From Ilana Simons

01.06.2015 - 19.06.2015

What makes the Trelex Residency so unique is a certain special system of lawlessness and anonymity –a residency model that’s based on trust. There are no applications, no fees.

Nina calls it the Trelex Model, and is in the process of exporting this dreamscape to other locations like Peru and Pakistan.

Four years ago, Nina turned the top floor of her own home into an artists’ retreat with the desire to have likeminded makers in her space.  After art school in London, she moved with husband David (a moral philosopher) and their three kids to the Swiss town of Trelex, with the small population of about 1,400. Nina found herself in a bright studio with views of the Alps, but watching the cows and missing the productive chaos of human voices. She restructured her home off a unique ethical gamble: you might invite artists/strangers into your house and trust them, off the bold fact that they’ve traveled a long distance to show up and make things with you.

There are already many residencies available, Nina says, for artists who go to art school and build CV’s angled for a life in the art market. But there are almost no opportunities for artists without that CV— imaginative minds who work almost secretly but might find themselves especially triggered, wired, and driven by this stretch of free time in a grand space in which they are asked nothing about who they are or what they promise to produce. If someone knows herself to be invested in making art, reads through the Trelex website without much guidance from outside sources, requests an occupancy, and buys a ticket to Geneva six months in advance (which is about how quickly spots fill up), then that person is invested. And, when we arrive, we see the full gift: the huge house lined with vines, the strawberries for picking in the garden, the bikes and cars available for use, the mountainsides striped with hiking trails. The surprise of the gift is enough to set an unusual mutual generosity into motion. People generally worry about what others think of them, Nina says. If you enter someone’s house, and it’s beautiful, and she asks nothing about who you are, you have some impulse to return the spirit. Just so, her house holds the trail of past creative minds that seem to have lived there, open—pastels left behind, charcoal pencils, Japanese paper, twelve bottles of glue, chocolate in the cabinets, a bottle of wine. Nina herself offers an almost endless supply of other things for making art. Then that’s what happens: you show up and you make art.

I shared my three weeks of residency with an Indian painter named Ranadip Mukherjee. Nina met us both at the airport/train station and invited us to scour the airport supermarket for a while before driving us back to the house.

The two artists in residence at any one time sleep in the loft upstairs, which also houses the studio, made of about 700 square feet with moving walls and windows for natural light. Nina and her family live on the first two floors. There is a rather neat division: you get to know the dog, the brilliance of her kids (one has unbounded knowledge and passion for Greek myth), and some rooms in the house itself are great reading hideaways, like this veranda on the second floor where I had wine and wrote romantically.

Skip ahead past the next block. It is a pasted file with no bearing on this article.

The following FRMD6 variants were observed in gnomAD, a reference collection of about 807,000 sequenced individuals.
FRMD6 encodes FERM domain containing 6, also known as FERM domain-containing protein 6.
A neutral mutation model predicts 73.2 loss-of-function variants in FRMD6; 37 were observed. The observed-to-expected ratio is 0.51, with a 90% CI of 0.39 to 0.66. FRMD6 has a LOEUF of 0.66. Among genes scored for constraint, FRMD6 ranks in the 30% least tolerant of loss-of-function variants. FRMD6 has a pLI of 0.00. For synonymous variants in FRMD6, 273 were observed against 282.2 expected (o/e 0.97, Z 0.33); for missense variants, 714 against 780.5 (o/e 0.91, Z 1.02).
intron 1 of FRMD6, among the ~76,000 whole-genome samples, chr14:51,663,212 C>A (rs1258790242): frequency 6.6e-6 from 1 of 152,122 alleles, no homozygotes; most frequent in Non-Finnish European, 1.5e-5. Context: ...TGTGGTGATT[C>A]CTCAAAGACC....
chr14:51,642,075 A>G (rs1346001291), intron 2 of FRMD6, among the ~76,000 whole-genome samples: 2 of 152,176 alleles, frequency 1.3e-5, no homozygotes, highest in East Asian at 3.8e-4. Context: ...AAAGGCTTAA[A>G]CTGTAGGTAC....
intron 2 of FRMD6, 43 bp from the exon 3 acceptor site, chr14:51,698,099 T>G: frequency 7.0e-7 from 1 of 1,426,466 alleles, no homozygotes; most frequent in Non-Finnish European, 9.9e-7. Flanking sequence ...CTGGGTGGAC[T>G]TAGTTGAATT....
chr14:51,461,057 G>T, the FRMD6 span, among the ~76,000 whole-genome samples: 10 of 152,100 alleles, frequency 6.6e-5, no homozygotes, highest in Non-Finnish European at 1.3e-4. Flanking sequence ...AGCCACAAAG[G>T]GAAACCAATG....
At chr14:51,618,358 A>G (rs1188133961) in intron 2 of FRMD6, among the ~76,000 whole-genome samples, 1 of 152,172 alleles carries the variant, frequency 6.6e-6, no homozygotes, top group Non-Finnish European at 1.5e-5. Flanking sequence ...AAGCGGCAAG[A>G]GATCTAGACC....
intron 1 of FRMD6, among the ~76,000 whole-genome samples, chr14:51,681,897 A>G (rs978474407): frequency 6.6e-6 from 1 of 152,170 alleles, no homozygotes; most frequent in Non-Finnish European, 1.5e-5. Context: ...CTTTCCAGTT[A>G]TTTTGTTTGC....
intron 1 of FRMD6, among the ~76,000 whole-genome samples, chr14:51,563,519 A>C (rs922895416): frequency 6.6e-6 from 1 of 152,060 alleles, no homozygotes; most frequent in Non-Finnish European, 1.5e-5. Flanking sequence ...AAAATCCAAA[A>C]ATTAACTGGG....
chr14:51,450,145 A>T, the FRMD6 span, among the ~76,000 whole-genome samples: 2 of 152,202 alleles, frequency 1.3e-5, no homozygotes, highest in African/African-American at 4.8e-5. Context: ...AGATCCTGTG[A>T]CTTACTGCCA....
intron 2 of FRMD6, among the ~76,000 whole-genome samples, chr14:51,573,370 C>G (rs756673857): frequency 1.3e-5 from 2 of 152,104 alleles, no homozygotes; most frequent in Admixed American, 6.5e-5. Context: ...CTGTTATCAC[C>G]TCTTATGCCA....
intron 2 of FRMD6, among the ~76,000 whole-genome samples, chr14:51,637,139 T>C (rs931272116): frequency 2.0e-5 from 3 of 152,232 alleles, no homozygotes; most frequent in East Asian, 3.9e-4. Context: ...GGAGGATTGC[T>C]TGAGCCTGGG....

Ranadip usually woke up earlier than I did and would quietly start his watercolors by the rising sun at the open window. I am a video artist so the trajectory of my day was more scattered: filming Nina’s daughter (an excellent actor; she has insights into American culture), or painting trees in the garden for set pieces, or doing set pieces of Freud and a collage of Nina.

I took many day trips: Geneva is a good one, for its museum of contemporary art (MAMCO), where I enjoyed the short films of one queer sexualized wonderkind whose name I’m not remembering. Another great outing is to Lausanne, for the Collection de L’Art Brut, all art done by true outsiders, most of them in mental institutions. Both places are accessible from right outside Nina’s house, via train.

I took daily bike rides into Nyon, where the food shopping is best.  I did a daily runs to Crassier, a neighboring town, for which I passed through the most beautiful white/green striped landscapes with lake far below.

I came back home to New York with little nuggets on psychology from Nina. Questions asked: How does she handle the diversity in her house--the minds that come through which annoy her with their politics, or their rudeness, or their myopia, or whatever might bug her?  Smiling wider than the rim of her coffee, Nina said, “But I love and hate everyone. There is no other way of knowing someone.” It takes balance to welcome the differences in and engage with it. Her life has taken on the task of that engagement. Then: how does she trust that she’s not opening her house to freeloaders? “I ask that anyone who comes read the website and, without much dialogue, buy a ticket across the world.  That shows someone’s commitment, doesn’t it?”



Me: I’m Ilana Simons, an artist and psychologist who lives in NYC and was delighted to share Nina’s space for three weeks while I worked on my video about heartbreak.  See some of my videos here:

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